] Think not that I am come to destroy the law, or the prophets: I am not come to destroy, but to fulfil.
] For verily I say unto you, Till heaven and earth pass, one jot or one tittle shall in no wise pass from the law, till all be fulfilled.
] Whosoever therefore shall break one of these least commandments, and shall teach men so, he shall be called the least in the kingdom of heaven: but whosoever shall do and teach them, the same shall be called great in the kingdom of heaven.
] For I say unto you, That except your righteousness shall exceed the righteousness of the scribes and Pharisees, ye shall in no case enter into the kingdom of heaven.
] Ye have heard that it was said by them of old time, Thou shalt not kill
; and whosoever shall kill shall be in danger of the judgment:
] But I say unto you, That whosoever is angry with his brother without a cause shall be in danger of the judgment: and whosoever shall say to his brother, Raca, shall be in danger of the council: but whosoever shall say, Thou fool, shall be in danger of hell fire.
] Therefore if thou bring thy gift to the altar, and there rememberest that thy brother hath ought against thee;
] Leave there thy gift before the altar, and go thy way; first be reconciled to thy brother, and then come and offer thy gift.
] Agree with thine adversary quickly, whiles thou art in the way with him; lest at any time the adversary deliver thee to the judge, and the judge deliver thee to the officer, and thou be cast into prison.
] Verily I say unto thee, Thou shalt by no means come out thence, till thou hast paid the uttermost farthing.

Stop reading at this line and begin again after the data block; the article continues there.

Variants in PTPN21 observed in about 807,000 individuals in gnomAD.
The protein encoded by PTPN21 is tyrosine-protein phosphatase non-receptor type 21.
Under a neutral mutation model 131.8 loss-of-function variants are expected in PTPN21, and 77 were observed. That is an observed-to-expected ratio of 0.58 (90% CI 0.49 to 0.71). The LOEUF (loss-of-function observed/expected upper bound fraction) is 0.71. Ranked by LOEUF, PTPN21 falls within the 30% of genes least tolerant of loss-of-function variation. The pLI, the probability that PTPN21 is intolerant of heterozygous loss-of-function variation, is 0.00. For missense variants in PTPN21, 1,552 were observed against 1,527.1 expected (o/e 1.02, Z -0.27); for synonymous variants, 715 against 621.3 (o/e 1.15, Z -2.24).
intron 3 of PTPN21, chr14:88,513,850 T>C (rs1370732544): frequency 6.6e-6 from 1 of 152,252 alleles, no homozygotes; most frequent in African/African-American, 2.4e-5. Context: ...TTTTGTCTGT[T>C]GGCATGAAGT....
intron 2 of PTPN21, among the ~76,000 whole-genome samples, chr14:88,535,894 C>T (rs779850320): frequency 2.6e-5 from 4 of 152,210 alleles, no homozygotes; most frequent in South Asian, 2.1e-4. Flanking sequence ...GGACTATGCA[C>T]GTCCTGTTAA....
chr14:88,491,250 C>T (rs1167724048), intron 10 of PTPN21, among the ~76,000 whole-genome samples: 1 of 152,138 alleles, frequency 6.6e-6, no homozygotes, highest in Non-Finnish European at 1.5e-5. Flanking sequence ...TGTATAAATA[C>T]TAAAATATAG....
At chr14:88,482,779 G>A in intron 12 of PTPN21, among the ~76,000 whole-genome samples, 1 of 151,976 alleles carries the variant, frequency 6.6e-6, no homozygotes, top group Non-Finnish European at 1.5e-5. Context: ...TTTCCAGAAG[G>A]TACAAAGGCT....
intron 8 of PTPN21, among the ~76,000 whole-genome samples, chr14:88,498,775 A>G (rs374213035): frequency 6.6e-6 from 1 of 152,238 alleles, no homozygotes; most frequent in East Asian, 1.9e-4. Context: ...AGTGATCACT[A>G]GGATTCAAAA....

] Ye have heard that it was said by them of old time, Thou shalt not commit adultery:
] But I say unto you, That whosoever looketh on a woman to lust after her hath committed adultery with her already in his heart.
] And if thy right eye offend thee, pluck it out, and cast it from thee: for it is profitable for thee that one of thy members should perish, and not that thy whole body should be cast into hell.
] And if thy right hand offend thee, cut if off, and cast it from thee: for it is profitable for thee that one of thy members should perish, and not that thy whole body should be cast into hell.
Here, Jesus twice contrasts what "was said by them of old time" or the law of Moses with "but I say unto you" or how it will be under the New Covenant. Under the Old Covenant, someone had to literally murder or commit adultery in order to be guilty. Under the New Covenant, it's a matter of the heart, and not just a matter of an outward act or deed.
As Christians, are we free to steal?
Are we free to covet?
Are we free to bow to idols?
There are plenty of warnings against the same throughout the New Testament.
Similarly, there are several places in the New Testament (including what I previously quoted from Ephesians chapter 6) where an Old Testament commandment is presented to New Testament saints as doctrine.
With such being the case, I don't see any disharmony whatsoever between what both Jesus and Paul actually said.